No Matter How Hard I Tried, I Wasn’t Able to Become a “Korean”

Letter to Koreans Regarding Life as a Foreign Woman in South Korea②

Ji Eungyeong | 기사입력 2022/02/27 [19:03]

No Matter How Hard I Tried, I Wasn’t Able to Become a “Korean”

Letter to Koreans Regarding Life as a Foreign Woman in South Korea②

Ji Eungyeong | 입력 : 2022/02/27 [19:03]

A turning point in my time in Korea came during the World Cup in 2002. It was right after South Korea won against Italy. People were deliriously happy, and seemed to have a lot of pride in South Korea—one of the first open displays of Korean pride that I had seen. A few of us Korean Americans ventured out to a bar to celebrate with the rest of the world. We were at a bar that advertised “buy one, get one free.” As we left, there was a disagreement with the bill that turned ugly. At one point, the owners and staff at the bar accused us of trying to cheat them by hiding a bottle—a bottle that one of us wanted to take as a souvenir, and had put in the bag after our bill had been calculated. During the disagreement, the staff accused us of speaking English to “show off.” It was a way of lording our privilege over others, they inferred. When I tried to explain that a few of us couldn’t speak any Korean, they were no longer listening. We were the bad, ugly Korean/Americans, and we deserved to be punished. Things almost turned violent, and the police were called. The police, whom we suspected had been bribed by the owners of the bar, threatened us with jail time if we didn’t pay a fine AND the supposed discrepancy demanded by the owners. 


Being a Korean American woman in South Korea meant that I had a distinct set of experiences from other foreign women. As part of the “we” of Koreans, I was given special attention, and I benefited from many kind Koreans investing a lot of time to teach me Korean culture and language. In response to my eagerness to learn, Koreans patiently answered my endless questions about language and history, and indulged my insatiable enthusiasm for norebang [karaoke].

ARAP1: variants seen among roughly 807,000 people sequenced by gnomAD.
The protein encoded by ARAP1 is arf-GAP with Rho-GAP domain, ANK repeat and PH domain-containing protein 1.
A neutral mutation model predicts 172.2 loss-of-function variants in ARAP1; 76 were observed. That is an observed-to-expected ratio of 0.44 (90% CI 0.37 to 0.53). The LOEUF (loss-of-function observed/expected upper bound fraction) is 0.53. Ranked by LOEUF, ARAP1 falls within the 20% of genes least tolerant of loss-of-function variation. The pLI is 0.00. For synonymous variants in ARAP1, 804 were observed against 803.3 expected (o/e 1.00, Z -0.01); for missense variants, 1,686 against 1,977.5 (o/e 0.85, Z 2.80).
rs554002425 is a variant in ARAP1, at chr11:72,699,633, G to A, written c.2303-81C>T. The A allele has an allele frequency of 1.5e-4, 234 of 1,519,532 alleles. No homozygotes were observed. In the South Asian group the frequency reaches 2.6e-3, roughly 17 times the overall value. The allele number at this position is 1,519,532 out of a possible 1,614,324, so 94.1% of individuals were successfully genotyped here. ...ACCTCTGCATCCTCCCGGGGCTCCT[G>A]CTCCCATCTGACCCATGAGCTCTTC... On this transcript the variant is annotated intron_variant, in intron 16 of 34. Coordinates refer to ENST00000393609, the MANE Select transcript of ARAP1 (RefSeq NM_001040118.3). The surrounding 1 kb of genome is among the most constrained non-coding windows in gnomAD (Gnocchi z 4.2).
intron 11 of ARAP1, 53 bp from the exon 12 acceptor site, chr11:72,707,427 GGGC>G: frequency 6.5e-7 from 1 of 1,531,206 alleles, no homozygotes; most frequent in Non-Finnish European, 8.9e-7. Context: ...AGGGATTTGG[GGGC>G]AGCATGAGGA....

▲ On a mountain in Namwon in 1996 ©Ji Eungyeong


I was given opportunities to learn about Korean culture, particularly “traditional” culture, which I was more interested in. For example, a friend invited me to a collective of traditional hanok homes, where I stayed for a month. Another invited me to learn about natural dyeing, while yet another took me to go sledding in Taebak Mountain in the winter. I saw the sunrise in Chiri Mountain and ate samgyupsal [pork belly] in Namwon. I learned poongmul [traditional Korean instruments] in the Cholla countryside. Once, I was given a very special bottle of rare and expensive wild insam [ginseng] as a gift to take to the US. I stayed in Buddhist temples and learned how to meditate. I was the beneficiary of countless acts, small and big, of generosity and inclusion. I will always remember these gifts with fondness and appreciation. Some of the friendships I developed over these years will endure for a lifetime, as the simple inclusion that people gave me made me feel accepted and a part of a family. The connections I made meant it was relatively easy for me over the ensuing years to establish a network of friends in Korea that could help me at any given notice. In a word, I was well taken care of by many good people who appreciated my enthusiasm and love of Korea.